A classic clock for my living room wall. I never had one until my grandma passed this year. One of the only things I selected from her house was this cheap clock that always hung on her wall, but it stopped working a few months ago. Every time I see that blank spot, I feel that I’m not honoring my grandma’s long love affair with the tick-tock of clocks. Though, and maybe to Gma’s chagrin, my new clock would ideally be silent.
The Auker Group
- So, you’ve been consistently named “Top 1% of all REALTORs in San Diego County.” What has led to this distinction?
I did what some really brilliant mentors told me to do. Fast forward three years of doing that and having my focus on people and not selling houses… and low and behold, I sold a ton of houses.
- What’s the coolest home feature you’ve seen?
I’m still a sucker for a master bath shower with a panoramic view and a door to the outdoors.
- What’s your favorite secret spot in San Diego?
Red House Pizza in University Heights. (Although I don’t know how much of a secret it is… they’re always packed!)
Roxie Prima & Phoebe Cornog
CoFounders, San Diego Letters
- When did you team up as SD Letters, and how many murals have you painted together?
We teamed up in August 2015 and started San Diego Letters as a monthly Meetup group. After collaborating on planning events, branding the club, and promotion, we realized what a good team we made. After doing a couple freelance jobs together for fun, we realized that we had a passion for painting murals. We were both frustrated and unfulfilled with our full-time jobs so we decided to quit our jobs and turn San Diego Letters into a business in January 2016. We’ve been loving entrepreneur life and have big plans to continue to grow the business. Since we turned it into a business we’ve painted 42 murals and are excited to do our first international mural in Tasmania in a couple weeks!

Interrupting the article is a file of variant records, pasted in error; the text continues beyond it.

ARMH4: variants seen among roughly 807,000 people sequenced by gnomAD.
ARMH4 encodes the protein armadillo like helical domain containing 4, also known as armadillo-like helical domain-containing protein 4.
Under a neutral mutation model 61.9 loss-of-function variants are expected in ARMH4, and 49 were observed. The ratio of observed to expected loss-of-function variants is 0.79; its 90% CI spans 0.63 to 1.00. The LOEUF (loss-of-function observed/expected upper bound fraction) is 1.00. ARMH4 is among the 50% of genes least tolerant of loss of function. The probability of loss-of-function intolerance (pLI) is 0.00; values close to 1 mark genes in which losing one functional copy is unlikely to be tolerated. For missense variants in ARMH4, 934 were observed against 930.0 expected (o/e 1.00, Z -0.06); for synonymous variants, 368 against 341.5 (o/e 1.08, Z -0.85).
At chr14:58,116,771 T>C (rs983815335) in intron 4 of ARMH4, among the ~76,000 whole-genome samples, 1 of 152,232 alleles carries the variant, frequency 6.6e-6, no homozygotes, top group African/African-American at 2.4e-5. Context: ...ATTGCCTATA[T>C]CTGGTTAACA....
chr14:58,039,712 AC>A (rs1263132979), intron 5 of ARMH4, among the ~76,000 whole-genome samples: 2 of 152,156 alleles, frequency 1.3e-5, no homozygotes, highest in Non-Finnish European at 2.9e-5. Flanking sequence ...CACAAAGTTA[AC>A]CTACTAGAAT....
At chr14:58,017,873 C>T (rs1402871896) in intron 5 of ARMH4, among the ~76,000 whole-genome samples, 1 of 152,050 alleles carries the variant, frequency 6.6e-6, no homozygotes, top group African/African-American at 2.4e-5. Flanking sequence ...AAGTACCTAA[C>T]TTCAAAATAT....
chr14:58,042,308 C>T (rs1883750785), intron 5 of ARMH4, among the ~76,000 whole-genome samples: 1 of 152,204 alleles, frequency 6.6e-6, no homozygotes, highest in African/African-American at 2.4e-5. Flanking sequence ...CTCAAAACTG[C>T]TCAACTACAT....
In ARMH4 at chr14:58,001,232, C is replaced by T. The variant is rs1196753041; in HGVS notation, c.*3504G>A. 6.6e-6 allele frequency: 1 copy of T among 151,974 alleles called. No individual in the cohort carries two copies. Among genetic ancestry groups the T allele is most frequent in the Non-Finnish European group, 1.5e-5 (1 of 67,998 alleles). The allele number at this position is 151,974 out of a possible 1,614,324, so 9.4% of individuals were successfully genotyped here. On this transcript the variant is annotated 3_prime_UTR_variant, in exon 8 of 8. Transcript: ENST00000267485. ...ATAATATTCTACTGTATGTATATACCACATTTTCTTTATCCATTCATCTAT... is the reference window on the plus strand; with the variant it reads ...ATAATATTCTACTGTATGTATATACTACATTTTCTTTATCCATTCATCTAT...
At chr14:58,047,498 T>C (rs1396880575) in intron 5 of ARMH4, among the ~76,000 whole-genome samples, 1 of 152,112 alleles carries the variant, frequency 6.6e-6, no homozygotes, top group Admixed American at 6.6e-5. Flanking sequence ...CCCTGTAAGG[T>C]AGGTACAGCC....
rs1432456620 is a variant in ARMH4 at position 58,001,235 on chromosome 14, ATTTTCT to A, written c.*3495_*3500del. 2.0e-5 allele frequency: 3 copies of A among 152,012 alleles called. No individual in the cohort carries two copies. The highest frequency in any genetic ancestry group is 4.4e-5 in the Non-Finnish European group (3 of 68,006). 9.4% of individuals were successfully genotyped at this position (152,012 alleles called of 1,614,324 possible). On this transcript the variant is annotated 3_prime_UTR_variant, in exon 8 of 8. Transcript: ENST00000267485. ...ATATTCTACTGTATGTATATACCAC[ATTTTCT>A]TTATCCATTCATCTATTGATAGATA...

- What’s your favorite thing about the gig?
Our favorite part about working for ourselves is the freedom to travel. We love teaching workshops, painting murals, and meeting up with our friends that we’ve had on our podcast (Drunk on Lettering) in every city we go to.
- Do you actually get drunk when recording the “drunk on lettering” podcast?
Yes, we actually get drunk for our podcast and most of our guests do too. The only time we don’t get drunk is when we have to record at 9am with a paper lettering artist in Mumbai!
Check out more about what Phoebe and Roxie are doing at sandiegoletters.com and see more of their work on their Instagram account @sandiegoletters and their podcast @drunkonlettering